There’s another popular way to prove that someone’s deserving and this doesn’t necessarily have to be because they can’t afford the house so much, as the value of the house continues to go down. This has become new over the last couple of years. And what’s the risk if the house keeps going down? Well since it’s the collateral for both parties, the collateral to the lender for the loan, and from the owners point of view how long do I want to really keep this asset if it’s going to continue to go down in value? But you have to be careful here.

Just because the home is not worth what they owe on it does not make the lender a bad guy. Too many times you’ll hear folks blame the lender and say, “hey, the lender’s owed all this money but the house is really not worth it, I should just walk away from the house.” Well, there’s probably nothing written in the loan document that says if the loan balance is lower then the value that you can just walk away. Think about cars, most cars that have loans have loans that exceed the value of the car. With that in mind, it’s still possible that even if they have some money in the bank, even if they have some income to be able to afford it, if the house is truly underwater and heading down in value. I’ve seen it happen more today then ever before, where the bank will consider a discount of the loan, so that the sellers can get the house out from under them and stop the declining value.

So ingredient number one, critical ingredient, you need to prove that your sellers are deserving. Critical ingredient number two. You have to be able to prove to the lender that the property is only worth X. I’m going to say X because X would be whatever value you say it’s worth. You see, lenders are very pragmatic. They deal in black and white, there is no grey. If you were on the borrowing side, remember back with those buyers? They found the house they love, now they have to arrange to borrow? Lenders aren’t shy about asking for everything under the moon short of taking a DNA sample.

They’re skeptical. They don’t believe anything, you have to prove everything; and that’s just how they work. I mean you fill out a loan application, they want to make sure that was you that filled it out. You say you have a job, well they want to verify you have a job. They don’t take your word for it, they want proof. You show them a pay stub, they’re going to call and verify it’s really yours, they’re going to verify it’s real, they’re going to verify the employer exists. And when it comes to what the house is worth they’re not going to take your word for it. Yeah, sure, we want to pay this amount for it, we think it’s worth that amount. No.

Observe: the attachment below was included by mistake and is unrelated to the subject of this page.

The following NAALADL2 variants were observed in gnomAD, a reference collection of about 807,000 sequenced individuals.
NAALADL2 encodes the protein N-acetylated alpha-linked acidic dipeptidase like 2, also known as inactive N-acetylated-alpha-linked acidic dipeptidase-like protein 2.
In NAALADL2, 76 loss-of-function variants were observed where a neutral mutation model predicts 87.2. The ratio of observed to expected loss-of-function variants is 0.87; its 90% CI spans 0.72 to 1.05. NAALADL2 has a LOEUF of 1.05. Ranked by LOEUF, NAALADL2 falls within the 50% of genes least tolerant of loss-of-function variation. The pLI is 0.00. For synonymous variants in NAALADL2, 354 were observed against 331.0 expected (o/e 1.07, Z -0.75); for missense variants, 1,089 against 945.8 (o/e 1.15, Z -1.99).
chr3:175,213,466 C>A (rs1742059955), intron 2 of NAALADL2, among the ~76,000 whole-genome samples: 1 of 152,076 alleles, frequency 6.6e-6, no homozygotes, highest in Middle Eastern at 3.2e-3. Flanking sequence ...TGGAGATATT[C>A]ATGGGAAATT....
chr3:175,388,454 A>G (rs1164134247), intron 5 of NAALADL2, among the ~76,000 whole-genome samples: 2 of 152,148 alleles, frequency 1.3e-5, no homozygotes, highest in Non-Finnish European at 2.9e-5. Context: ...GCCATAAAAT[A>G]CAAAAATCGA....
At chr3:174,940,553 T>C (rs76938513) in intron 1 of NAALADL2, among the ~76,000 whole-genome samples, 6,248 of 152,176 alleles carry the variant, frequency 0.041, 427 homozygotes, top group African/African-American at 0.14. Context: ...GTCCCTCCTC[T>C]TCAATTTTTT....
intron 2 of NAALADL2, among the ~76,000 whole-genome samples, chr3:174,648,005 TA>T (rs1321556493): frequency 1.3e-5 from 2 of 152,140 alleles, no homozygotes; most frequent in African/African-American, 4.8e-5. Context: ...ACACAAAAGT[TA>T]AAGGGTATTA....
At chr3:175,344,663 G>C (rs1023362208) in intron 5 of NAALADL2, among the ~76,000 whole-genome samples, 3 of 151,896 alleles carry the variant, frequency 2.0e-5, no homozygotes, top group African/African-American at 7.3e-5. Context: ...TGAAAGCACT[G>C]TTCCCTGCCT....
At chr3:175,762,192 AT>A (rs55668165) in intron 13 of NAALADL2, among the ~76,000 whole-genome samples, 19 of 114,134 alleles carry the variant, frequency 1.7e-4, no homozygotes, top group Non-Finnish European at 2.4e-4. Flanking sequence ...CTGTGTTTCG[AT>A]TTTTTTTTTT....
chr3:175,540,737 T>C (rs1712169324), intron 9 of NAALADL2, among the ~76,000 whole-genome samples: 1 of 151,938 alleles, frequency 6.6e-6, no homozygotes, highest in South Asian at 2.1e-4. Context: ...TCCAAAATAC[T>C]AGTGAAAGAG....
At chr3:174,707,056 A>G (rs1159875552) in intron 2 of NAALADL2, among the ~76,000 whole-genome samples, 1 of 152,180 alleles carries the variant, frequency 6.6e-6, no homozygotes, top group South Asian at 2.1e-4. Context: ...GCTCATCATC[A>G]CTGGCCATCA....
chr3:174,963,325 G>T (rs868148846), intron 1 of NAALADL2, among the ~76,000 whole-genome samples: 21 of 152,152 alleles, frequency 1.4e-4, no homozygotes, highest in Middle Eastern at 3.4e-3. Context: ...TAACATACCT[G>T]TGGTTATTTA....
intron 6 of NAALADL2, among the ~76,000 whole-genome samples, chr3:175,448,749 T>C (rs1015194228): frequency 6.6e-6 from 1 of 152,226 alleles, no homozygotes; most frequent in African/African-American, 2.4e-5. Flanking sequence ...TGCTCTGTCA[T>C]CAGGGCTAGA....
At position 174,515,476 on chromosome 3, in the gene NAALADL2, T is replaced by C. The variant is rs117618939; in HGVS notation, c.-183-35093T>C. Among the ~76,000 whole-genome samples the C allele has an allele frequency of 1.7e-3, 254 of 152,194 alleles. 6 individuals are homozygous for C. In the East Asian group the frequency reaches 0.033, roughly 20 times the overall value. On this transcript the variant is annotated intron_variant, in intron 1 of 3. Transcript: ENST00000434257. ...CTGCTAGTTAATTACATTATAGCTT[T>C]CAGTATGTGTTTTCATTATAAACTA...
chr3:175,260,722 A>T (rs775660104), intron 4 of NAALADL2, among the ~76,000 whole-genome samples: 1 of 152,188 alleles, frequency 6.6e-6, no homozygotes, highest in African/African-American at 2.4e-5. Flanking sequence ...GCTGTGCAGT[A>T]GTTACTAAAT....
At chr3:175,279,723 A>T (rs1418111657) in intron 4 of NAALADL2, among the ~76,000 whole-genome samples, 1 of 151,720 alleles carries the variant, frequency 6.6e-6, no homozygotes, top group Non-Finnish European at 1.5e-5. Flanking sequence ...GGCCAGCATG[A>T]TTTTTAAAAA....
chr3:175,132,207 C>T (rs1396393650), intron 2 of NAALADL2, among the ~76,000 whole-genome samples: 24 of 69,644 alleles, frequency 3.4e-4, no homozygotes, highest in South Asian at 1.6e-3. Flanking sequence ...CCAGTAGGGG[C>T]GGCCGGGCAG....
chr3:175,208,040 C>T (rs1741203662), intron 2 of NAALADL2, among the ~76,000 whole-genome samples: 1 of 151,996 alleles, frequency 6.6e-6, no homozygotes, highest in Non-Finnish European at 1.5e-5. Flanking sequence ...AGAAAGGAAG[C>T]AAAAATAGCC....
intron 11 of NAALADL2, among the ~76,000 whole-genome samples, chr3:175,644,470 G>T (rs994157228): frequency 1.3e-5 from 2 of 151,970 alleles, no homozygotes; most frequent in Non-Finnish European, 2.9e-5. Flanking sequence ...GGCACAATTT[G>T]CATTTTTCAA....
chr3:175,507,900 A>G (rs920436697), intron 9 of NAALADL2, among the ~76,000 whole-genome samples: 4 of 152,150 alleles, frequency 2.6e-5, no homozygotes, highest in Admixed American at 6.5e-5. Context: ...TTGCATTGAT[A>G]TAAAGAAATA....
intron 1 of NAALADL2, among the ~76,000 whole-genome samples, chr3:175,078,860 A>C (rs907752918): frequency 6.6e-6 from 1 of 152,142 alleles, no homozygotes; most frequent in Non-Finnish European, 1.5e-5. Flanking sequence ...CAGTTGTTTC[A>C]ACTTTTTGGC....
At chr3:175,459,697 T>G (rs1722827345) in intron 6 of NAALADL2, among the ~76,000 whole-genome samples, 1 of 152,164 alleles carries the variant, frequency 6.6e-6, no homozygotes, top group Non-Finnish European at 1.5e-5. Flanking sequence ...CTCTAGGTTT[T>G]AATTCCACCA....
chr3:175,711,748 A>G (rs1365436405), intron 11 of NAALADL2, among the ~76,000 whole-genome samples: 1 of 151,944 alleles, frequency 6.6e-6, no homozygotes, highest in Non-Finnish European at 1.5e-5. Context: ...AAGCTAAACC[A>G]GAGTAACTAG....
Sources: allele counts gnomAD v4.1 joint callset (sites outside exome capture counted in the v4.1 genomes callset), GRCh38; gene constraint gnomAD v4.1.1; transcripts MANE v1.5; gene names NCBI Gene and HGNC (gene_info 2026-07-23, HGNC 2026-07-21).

What are they going to do? Proof, call it an appraisal. Now you’re on the other side doing the opposite. And you have to do the same thing. But it’s in the opposite, because now you’re asking the lender, this is the same lender that lent these sellers the money to buy the house. These are the same lenders that gave them the money that they signed a piece of paper that said, “we’ll pay it all back”. But you’re going to ask the lender to approve a discounted payoff, a reduced payoff, based upon the fact that number one these folks are deserving, and number two the understanding that you sold the house for the highest price possible. But how do you prove that you sold it for the most? Because if you haven’t sold it for the most, shame on you. You didn’t do your job. You have to be able to not only sell it for the most but prove that you sold it for the most.

Number one for starts you have to have it sold. Because if it isn’t sold how do you say you sold it for the most? You can’t, and you have to have it sold to a real buyer, a buyer that not only can demonstrate the ability to buy, by way of a pre-written, pre-approval for a loan with no conditions and no contingencies. Buying it as is, no repairs made. Not only this but you need to have comps and a breakdown of the repairs that the property’s going to need, so that the lender knows if they take possession of the house what kind of a challenge it’s going to be for them to sell it. You need good, solid comps.

I recommend that you have a narrative written, explaining what’s going on in your local marketplace. It’s almost as if you have to do, I don’t know I’m going to say don’t do this, don’t do this anti-ingredient, because if you ask me how do most agents not prove that a house sold for the most? Well this is something that your’e probably not going to hear in many other training programs, but I know that the lender has a team of loss mitigation negotiators, that have been trained to do something. And if you’ve done any short sales you’d know this. But in order for them, the lender, to prove that you sold it for the most or not prove that you sold it for the most, they’re taught to ask every agent a question. They come back to you as they always will and they always have, and they’ll say to you at some point in the transaction negoatiation process they’re going to say, “hey you, agent, you need to go out there and sell the house for more. We need more.” Your response is either going to convince them that you sold it for the most or convince them that you didn’t sell it for the most. If they say you need to sell it for more and you agree to do that you have pretty much, by affirmation, you have confirmed that you can. Whether you really can or can’t is irrelevant. But the lender’s negotiator will say we need to get you to sell it for more.